More than seven weeks after the May 9 election, British Columbia will soon have a new premier.
Tell me more about your conversation with the lieutenant-governor.
It was very brief. We had met several times before. She asked if I had the confidence of the legislature to form a government. I said I did. She agreed that the people of British Columbia do not want another election. They want their MLAs to get to work.
We both remarked on the number of new MLAs — a quarter — have never known anything but the drama of the past week as legislators. I think there's a real desire now to get down to work with a new fresh start at the legislature to focus on the things that matter to people and I can't wait to get going.
So when do you get started?
Well, we start this morning to meet with government officials who have been in caretaker mode. Whether they're in charge of education, seniors care, or healthcare — they've been waiting for new direction.
Monday morning, even though it's a day off, we'll be back at the transition and as soon as we're prepared to swear in a government.
In the weeks ahead we'll do that and work towards opening the legislature with a new throne speech and a new agenda.
You've mentioned new MLAs. Some critics say there's a lot of inexperience among your members. How will you make your cabinet picks?
Well I disagree with that. Mike Farnworth, my house leader, is the longest serving member on our side who has experience as a minister as well as an expert in parliamentary practice. He's someone that I'm going to be relying on heavily.
Carole James, Adrian Dix [are] both very experienced. There's quite a long list. I won't have no shortage of people able to be in cabinet. That's the least of my problems.
Earlier this week, outgoing B.C. Liberal Finance Minister Mike De Jong said the province's surplus was larger than expected, around $3 billion. How much do you trust those numbers?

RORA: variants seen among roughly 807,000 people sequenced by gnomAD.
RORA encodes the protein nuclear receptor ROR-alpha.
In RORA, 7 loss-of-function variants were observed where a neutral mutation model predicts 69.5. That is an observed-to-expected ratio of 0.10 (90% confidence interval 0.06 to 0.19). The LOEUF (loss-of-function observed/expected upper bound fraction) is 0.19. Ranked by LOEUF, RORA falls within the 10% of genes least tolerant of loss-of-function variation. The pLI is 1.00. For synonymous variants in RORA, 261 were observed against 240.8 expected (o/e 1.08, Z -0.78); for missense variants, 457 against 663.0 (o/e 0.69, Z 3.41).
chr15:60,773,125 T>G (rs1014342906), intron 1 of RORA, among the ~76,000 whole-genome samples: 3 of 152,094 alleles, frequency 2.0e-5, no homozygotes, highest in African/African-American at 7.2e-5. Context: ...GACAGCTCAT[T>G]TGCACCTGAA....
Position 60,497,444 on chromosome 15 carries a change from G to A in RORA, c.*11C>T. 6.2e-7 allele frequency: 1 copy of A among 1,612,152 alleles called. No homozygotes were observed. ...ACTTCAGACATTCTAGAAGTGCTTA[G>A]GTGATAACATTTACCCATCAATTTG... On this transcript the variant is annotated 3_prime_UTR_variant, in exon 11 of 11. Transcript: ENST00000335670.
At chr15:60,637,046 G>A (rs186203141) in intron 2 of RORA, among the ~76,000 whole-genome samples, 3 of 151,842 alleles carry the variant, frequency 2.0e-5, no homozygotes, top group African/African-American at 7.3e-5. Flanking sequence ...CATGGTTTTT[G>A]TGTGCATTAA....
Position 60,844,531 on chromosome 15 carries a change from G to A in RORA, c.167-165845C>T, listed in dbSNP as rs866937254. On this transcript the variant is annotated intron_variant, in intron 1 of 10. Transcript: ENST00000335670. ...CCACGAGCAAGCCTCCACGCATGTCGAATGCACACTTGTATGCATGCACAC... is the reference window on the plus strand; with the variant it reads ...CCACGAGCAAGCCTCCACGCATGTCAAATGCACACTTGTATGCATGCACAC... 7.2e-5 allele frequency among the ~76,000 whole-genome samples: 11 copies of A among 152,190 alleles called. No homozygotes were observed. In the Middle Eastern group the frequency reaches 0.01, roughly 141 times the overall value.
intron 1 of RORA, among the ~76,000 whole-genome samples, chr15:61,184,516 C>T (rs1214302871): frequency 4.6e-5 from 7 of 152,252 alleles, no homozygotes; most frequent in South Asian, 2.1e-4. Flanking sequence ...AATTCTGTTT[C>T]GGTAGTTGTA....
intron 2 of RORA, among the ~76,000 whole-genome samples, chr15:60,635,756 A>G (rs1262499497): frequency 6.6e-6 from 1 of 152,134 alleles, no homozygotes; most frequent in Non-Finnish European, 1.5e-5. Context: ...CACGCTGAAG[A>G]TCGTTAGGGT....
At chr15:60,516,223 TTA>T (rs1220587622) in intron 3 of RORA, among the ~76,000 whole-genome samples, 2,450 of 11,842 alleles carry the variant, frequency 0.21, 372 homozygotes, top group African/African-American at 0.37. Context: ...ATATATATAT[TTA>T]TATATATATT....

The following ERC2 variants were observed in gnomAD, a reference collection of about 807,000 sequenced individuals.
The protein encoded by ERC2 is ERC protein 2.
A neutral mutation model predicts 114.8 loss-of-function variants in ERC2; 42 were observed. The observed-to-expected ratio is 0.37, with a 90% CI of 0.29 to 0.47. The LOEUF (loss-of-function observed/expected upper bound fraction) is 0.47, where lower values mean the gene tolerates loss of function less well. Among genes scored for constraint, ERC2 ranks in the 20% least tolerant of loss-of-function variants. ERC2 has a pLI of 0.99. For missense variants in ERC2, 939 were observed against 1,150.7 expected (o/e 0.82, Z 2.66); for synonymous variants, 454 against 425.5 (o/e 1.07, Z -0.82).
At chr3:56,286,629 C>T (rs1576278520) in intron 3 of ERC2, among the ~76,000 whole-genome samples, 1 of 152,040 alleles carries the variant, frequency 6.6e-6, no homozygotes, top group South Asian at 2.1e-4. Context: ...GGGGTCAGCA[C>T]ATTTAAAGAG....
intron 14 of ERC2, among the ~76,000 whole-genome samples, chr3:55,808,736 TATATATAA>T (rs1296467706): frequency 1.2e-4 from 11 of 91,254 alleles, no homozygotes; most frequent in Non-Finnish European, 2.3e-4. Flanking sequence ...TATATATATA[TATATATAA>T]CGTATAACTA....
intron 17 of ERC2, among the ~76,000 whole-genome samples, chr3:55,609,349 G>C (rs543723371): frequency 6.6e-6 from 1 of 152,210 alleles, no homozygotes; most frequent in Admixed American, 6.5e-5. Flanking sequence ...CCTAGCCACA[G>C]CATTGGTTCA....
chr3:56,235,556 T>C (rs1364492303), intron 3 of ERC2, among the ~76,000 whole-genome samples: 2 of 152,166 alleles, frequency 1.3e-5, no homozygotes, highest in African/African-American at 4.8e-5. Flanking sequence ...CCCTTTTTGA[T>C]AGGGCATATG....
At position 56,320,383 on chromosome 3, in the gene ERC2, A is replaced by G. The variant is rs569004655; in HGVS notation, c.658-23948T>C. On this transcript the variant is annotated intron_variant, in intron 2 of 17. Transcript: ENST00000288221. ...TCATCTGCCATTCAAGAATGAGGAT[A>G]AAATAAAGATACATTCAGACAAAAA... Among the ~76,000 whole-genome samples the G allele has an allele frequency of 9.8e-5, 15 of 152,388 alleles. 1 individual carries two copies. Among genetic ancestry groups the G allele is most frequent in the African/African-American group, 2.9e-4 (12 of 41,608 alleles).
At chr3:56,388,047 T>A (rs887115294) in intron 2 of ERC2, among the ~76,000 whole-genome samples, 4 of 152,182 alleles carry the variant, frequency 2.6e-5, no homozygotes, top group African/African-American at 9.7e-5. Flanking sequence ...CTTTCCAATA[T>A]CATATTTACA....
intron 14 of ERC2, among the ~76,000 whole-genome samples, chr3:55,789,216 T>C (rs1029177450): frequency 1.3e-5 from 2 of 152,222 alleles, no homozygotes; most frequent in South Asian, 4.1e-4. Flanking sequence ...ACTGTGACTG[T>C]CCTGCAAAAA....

Quite honestly, I don't believe that. This past week has been extraordinary.
Mr. de Jong was having an extraordinary press conference before the public accounts were released — which has never happened before — to tell us how great things were.
There was no mention of BC Hydro, which a huge challenge for the people of B.C. seeing their rates go up so dramatically. Nothing about ICBC where there are serious challenges ahead as well.
There is work to be done there but I'll wait for my chance to sit down with Finance Ministry officials and go from there.
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Are you downplaying expectations?
No, not all. I don't want to do that. I know that people have very high expectations for a government that will focus on the issues that will matter to them. I'm very much looking forward to that.
We're going to have a deadlock in the house essentially once the speaker is appointed. What kind of relationship will you maintain with the Green Party to make sure you have the numbers for every vote?
We don't need the numbers for every vote. The B.C. Liberals have been able to have a majority and do whatever they want without reaching across and talking to people from other place and other perspectives.
I'm looking forward to a new kind of leadership that focuses on making sure we get an agreement on legislation and other policy decisions that are going to help people rather than posturing politics. People are very excited about that prospect.
Andrew Weaver and the two Green MLAs and I have had a very positive relationship in the past couple of weeks and I look forward to positive relationships with Liberals who want to work to better B.C. in the days ahead.
How long do you see the government lasting?
Four years. That's the mandate of government. I'm certain we can make this last working together and not being combative.
This interview has been edited for length and clarity.
Listen to the full interview with John Horgan on CBC's The Early Edition: